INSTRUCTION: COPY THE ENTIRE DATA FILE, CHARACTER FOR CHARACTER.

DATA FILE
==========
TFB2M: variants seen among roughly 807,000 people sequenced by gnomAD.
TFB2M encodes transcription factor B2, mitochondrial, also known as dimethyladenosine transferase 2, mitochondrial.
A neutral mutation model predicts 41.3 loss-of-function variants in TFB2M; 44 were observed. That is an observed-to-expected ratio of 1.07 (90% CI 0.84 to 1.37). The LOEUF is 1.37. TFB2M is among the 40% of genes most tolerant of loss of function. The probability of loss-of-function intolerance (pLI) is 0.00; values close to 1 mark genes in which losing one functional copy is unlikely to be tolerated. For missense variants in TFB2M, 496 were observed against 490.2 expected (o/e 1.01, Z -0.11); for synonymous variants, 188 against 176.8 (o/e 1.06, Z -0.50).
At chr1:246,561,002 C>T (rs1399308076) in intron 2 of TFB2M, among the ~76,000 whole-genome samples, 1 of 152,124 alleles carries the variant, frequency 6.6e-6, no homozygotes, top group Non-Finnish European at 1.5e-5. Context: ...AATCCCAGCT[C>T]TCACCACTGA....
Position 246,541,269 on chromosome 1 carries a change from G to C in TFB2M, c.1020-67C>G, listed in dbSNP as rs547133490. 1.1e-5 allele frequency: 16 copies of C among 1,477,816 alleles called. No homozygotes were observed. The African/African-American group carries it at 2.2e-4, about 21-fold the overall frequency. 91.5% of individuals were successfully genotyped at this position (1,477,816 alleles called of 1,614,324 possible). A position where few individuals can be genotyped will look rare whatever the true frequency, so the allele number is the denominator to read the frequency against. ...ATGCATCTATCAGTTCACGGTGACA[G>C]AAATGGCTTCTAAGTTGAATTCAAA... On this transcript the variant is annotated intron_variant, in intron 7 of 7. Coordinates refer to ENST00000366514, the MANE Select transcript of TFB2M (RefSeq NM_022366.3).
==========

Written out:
TFB2M: variants seen among roughly 807,000 people sequenced by gnomAD.
TFB2M encodes transcription factor B2, mitochondrial, also known as dimethyladenosine transferase 2, mitochondrial.
A neutral mutation model predicts 41.3 loss-of-function variants in TFB2M; 44 were observed. That is an observed-to-expected ratio of 1.07 (90% CI 0.84 to 1.37). The LOEUF is 1.37. TFB2M is among the 40% of genes most tolerant of loss of function. The probability of loss-of-function intolerance (pLI) is 0.00; values close to 1 mark genes in which losing one functional copy is unlikely to be tolerated. For missense variants in TFB2M, 496 were observed against 490.2 expected (o/e 1.01, Z -0.11); for synonymous variants, 188 against 176.8 (o/e 1.06, Z -0.50).
At chr1:246,561,002 C>T (rs1399308076) in intron 2 of TFB2M, among the ~76,000 whole-genome samples, 1 of 152,124 alleles carries the variant, frequency 6.6e-6, no homozygotes, top group Non-Finnish European at 1.5e-5. Context: ...AATCCCAGCT[C>T]TCACCACTGA....
Position 246,541,269 on chromosome 1 carries a change from G to C in TFB2M, c.1020-67C>G, listed in dbSNP as rs547133490. 1.1e-5 allele frequency: 16 copies of C among 1,477,816 alleles called. No homozygotes were observed. The African/African-American group carries it at 2.2e-4, about 21-fold the overall frequency. 91.5% of individuals were successfully genotyped at this position (1,477,816 alleles called of 1,614,324 possible). A position where few individuals can be genotyped will look rare whatever the true frequency, so the allele number is the denominator to read the frequency against. ...ATGCATCTATCAGTTCACGGTGACA[G>C]AAATGGCTTCTAAGTTGAATTCAAA... On this transcript the variant is annotated intron_variant, in intron 7 of 7. Coordinates refer to ENST00000366514, the MANE Select transcript of TFB2M (RefSeq NM_022366.3).